I'm elaborating for the sake of Dave Cormier who called me out on Twitter:

"It should be noted at the outset that the Horizon Report is not a predictive tool. It is meant, rather, to highlight emerging technologies with considerable potential." (

It's not as if we (yet) live in a deterministic world where technologies have a life of their own. In that case, reports such as the Horizon Report both reflect and help shape how we move things forward.

So, when Stephen talks about it being a 'tech tracker' in a derisory way comparing it to a 'publicity tracker' I'd respond that the two can't really be separated. Technology doesn't exist independently of the people who use it. [Comment] [Permalink]

Re: Crib sheet for 2011 Educase Horizon Report

I think there is a considerable difference between what's out there in the world worth looking at, and what gets publicized, and that is why I think it is an error for a report to tend to report on the latter, at the expense of the former. [Comment] [Permalink]

Re: Crib sheet for 2011 Educase Horizon Report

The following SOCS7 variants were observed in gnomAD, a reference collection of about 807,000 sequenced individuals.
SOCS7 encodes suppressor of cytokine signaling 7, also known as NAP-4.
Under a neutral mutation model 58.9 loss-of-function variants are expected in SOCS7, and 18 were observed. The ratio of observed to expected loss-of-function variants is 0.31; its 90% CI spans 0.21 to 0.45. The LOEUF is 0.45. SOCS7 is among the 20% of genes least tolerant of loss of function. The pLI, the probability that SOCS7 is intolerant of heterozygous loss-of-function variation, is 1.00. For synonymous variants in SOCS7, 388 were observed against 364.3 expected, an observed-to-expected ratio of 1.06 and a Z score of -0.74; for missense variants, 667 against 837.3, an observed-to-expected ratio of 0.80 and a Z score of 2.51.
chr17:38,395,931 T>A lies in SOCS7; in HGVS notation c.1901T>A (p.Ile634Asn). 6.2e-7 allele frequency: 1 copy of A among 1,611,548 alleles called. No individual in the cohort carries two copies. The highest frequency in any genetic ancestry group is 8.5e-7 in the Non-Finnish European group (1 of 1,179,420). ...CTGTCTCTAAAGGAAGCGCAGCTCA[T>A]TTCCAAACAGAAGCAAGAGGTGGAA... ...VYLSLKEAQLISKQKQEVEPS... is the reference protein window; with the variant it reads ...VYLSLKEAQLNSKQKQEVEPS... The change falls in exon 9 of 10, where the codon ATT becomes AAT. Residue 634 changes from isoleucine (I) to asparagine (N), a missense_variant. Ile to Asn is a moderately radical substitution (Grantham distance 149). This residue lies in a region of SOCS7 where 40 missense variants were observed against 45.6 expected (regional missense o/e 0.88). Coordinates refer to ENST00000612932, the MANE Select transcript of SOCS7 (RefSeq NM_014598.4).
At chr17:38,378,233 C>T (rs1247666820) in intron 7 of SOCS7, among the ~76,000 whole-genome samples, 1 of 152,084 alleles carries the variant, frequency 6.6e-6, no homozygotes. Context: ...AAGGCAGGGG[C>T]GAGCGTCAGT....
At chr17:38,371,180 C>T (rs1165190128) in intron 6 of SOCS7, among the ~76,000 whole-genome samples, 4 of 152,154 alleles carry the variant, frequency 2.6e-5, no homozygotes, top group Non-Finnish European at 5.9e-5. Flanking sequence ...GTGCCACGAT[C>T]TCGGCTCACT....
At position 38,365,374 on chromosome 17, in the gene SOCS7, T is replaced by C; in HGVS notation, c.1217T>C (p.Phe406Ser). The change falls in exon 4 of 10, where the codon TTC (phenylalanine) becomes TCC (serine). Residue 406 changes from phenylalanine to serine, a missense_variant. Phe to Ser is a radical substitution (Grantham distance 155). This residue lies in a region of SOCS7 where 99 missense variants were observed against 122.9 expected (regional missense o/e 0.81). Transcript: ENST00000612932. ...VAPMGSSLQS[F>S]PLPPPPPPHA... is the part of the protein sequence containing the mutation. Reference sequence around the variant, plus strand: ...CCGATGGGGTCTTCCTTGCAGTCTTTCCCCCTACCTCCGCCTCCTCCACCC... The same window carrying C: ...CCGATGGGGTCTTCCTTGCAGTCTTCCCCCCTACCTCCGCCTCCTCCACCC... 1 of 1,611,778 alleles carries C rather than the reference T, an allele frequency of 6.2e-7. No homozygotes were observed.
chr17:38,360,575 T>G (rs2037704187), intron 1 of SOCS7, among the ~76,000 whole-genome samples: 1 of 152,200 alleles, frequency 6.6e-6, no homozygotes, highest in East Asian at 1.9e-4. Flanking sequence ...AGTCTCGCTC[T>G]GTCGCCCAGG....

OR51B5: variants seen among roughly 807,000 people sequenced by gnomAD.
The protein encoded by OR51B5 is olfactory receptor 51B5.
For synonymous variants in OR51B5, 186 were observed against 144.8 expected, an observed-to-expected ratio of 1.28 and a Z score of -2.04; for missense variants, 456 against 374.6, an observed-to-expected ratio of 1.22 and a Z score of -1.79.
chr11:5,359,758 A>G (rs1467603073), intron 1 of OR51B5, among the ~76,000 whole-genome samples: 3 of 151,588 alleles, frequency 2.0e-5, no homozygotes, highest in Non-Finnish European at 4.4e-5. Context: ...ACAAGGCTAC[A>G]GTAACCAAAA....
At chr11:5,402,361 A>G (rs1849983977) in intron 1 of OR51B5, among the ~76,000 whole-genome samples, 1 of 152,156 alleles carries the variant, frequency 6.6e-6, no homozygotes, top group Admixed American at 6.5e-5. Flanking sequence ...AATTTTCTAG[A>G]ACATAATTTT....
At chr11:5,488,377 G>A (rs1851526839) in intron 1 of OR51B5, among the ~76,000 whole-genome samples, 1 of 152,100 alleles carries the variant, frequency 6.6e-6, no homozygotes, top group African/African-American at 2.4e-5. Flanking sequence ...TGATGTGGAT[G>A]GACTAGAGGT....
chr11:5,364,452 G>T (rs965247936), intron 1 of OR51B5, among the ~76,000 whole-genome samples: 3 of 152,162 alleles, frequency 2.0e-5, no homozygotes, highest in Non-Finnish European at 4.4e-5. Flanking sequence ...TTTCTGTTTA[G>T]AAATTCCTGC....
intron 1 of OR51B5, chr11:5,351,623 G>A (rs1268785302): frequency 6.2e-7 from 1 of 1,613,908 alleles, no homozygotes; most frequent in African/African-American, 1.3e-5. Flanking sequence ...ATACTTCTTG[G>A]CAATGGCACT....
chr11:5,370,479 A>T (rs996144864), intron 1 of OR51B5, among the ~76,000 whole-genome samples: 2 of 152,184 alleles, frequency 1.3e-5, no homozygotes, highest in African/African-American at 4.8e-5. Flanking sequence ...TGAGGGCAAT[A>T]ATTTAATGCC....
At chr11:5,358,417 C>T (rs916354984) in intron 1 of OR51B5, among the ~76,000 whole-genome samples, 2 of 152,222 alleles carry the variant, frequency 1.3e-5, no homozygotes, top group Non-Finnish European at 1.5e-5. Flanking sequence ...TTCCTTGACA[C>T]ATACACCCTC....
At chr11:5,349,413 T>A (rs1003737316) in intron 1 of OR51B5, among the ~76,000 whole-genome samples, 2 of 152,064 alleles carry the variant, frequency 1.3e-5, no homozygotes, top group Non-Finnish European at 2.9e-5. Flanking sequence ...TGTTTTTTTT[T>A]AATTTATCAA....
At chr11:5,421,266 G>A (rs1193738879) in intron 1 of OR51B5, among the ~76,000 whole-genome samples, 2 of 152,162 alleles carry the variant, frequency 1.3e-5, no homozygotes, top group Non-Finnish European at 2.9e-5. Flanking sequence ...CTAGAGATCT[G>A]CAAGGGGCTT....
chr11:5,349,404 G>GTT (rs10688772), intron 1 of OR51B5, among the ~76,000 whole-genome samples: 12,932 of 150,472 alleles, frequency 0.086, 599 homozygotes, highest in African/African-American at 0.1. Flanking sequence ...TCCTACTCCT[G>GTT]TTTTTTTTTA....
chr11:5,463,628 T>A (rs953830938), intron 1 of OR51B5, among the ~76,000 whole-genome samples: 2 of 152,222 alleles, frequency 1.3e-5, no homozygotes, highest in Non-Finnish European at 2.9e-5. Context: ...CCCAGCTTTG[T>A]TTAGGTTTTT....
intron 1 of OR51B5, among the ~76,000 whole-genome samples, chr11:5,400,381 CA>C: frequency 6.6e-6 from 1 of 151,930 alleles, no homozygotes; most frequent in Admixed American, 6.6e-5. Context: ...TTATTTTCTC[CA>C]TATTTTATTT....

There might well be, but by its very nature the Horizon report is at the secondary tier, reporting on what's out there. It's apples and oranges. [Comment] [Permalink]

Re: Crib sheet for 2011 Educase Horizon Report

The most reliable prediction around the Horizon Report is that Stephen will not like it. 2011 continues the yearly trend. The trophy is in the mail ;-)

Again you seem to miss that the report does not focus on technologies that are viable (like home servers) but ones that will be used broadly across many organizations in these time frames.

Keep in mind that the Horizon Report is not NMC's opinion, but that of a consensus process of 40+ leaders from around the world (an invitation that had been made to you before). There are plenty of people, like you, Tony Bates, TechCrunch and others who make individual predictions, which are great, but how many of such efforts include inputs from multiple organizations, countries, sectors?